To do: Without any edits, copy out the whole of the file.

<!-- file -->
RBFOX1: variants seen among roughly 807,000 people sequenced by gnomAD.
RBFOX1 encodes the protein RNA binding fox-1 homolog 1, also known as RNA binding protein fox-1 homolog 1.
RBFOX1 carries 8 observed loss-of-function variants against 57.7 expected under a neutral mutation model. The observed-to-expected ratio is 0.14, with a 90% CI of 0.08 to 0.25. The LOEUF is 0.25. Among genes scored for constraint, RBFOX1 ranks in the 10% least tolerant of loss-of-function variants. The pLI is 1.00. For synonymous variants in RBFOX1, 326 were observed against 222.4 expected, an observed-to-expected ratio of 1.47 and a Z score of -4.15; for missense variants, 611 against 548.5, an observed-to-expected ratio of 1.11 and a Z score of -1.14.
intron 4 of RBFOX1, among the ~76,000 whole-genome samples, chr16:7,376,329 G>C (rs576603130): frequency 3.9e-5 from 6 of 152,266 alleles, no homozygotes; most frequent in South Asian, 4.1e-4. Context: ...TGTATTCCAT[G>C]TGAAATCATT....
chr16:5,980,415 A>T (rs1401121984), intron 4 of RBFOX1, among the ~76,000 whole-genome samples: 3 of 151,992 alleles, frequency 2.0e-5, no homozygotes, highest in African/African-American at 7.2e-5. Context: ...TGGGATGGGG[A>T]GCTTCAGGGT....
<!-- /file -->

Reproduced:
RBFOX1: variants seen among roughly 807,000 people sequenced by gnomAD.
RBFOX1 encodes the protein RNA binding fox-1 homolog 1, also known as RNA binding protein fox-1 homolog 1.
RBFOX1 carries 8 observed loss-of-function variants against 57.7 expected under a neutral mutation model. The observed-to-expected ratio is 0.14, with a 90% CI of 0.08 to 0.25. The LOEUF is 0.25. Among genes scored for constraint, RBFOX1 ranks in the 10% least tolerant of loss-of-function variants. The pLI is 1.00. For synonymous variants in RBFOX1, 326 were observed against 222.4 expected, an observed-to-expected ratio of 1.47 and a Z score of -4.15; for missense variants, 611 against 548.5, an observed-to-expected ratio of 1.11 and a Z score of -1.14.
intron 4 of RBFOX1, among the ~76,000 whole-genome samples, chr16:7,376,329 G>C (rs576603130): frequency 3.9e-5 from 6 of 152,266 alleles, no homozygotes; most frequent in South Asian, 4.1e-4. Context: ...TGTATTCCAT[G>C]TGAAATCATT....
chr16:5,980,415 A>T (rs1401121984), intron 4 of RBFOX1, among the ~76,000 whole-genome samples: 3 of 151,992 alleles, frequency 2.0e-5, no homozygotes, highest in African/African-American at 7.2e-5. Context: ...TGGGATGGGG[A>T]GCTTCAGGGT....